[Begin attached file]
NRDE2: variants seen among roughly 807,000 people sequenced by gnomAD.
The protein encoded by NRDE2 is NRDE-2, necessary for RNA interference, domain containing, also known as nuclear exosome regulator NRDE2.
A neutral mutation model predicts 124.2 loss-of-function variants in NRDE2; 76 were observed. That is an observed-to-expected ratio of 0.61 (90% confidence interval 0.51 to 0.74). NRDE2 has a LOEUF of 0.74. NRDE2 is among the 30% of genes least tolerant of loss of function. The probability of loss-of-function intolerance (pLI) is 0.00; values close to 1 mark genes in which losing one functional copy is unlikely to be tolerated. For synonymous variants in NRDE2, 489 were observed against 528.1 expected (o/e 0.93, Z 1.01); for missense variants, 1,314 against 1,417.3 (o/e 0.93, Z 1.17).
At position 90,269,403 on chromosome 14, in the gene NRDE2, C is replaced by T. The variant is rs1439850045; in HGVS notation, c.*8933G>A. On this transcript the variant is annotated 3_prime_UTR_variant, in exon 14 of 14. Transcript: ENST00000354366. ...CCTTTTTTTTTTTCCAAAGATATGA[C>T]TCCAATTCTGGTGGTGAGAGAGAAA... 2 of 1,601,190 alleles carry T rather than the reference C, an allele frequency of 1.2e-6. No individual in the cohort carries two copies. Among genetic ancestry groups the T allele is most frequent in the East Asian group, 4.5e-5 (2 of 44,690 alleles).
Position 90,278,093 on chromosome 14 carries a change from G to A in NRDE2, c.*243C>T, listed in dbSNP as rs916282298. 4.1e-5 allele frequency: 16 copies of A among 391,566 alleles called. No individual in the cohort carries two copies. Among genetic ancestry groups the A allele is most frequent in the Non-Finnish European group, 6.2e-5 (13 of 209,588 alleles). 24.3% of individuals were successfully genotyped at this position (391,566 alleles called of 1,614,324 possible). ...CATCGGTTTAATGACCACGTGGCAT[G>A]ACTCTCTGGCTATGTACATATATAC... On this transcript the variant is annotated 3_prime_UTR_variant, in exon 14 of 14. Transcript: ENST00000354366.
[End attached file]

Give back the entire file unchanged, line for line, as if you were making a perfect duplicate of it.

NRDE2: variants seen among roughly 807,000 people sequenced by gnomAD.
The protein encoded by NRDE2 is NRDE-2, necessary for RNA interference, domain containing, also known as nuclear exosome regulator NRDE2.
A neutral mutation model predicts 124.2 loss-of-function variants in NRDE2; 76 were observed. That is an observed-to-expected ratio of 0.61 (90% confidence interval 0.51 to 0.74). NRDE2 has a LOEUF of 0.74. NRDE2 is among the 30% of genes least tolerant of loss of function. The probability of loss-of-function intolerance (pLI) is 0.00; values close to 1 mark genes in which losing one functional copy is unlikely to be tolerated. For synonymous variants in NRDE2, 489 were observed against 528.1 expected (o/e 0.93, Z 1.01); for missense variants, 1,314 against 1,417.3 (o/e 0.93, Z 1.17).
At position 90,269,403 on chromosome 14, in the gene NRDE2, C is replaced by T. The variant is rs1439850045; in HGVS notation, c.*8933G>A. On this transcript the variant is annotated 3_prime_UTR_variant, in exon 14 of 14. Transcript: ENST00000354366. ...CCTTTTTTTTTTTCCAAAGATATGA[C>T]TCCAATTCTGGTGGTGAGAGAGAAA... 2 of 1,601,190 alleles carry T rather than the reference C, an allele frequency of 1.2e-6. No individual in the cohort carries two copies. Among genetic ancestry groups the T allele is most frequent in the East Asian group, 4.5e-5 (2 of 44,690 alleles).
Position 90,278,093 on chromosome 14 carries a change from G to A in NRDE2, c.*243C>T, listed in dbSNP as rs916282298. 4.1e-5 allele frequency: 16 copies of A among 391,566 alleles called. No individual in the cohort carries two copies. Among genetic ancestry groups the A allele is most frequent in the Non-Finnish European group, 6.2e-5 (13 of 209,588 alleles). 24.3% of individuals were successfully genotyped at this position (391,566 alleles called of 1,614,324 possible). ...CATCGGTTTAATGACCACGTGGCAT[G>A]ACTCTCTGGCTATGTACATATATAC... On this transcript the variant is annotated 3_prime_UTR_variant, in exon 14 of 14. Transcript: ENST00000354366.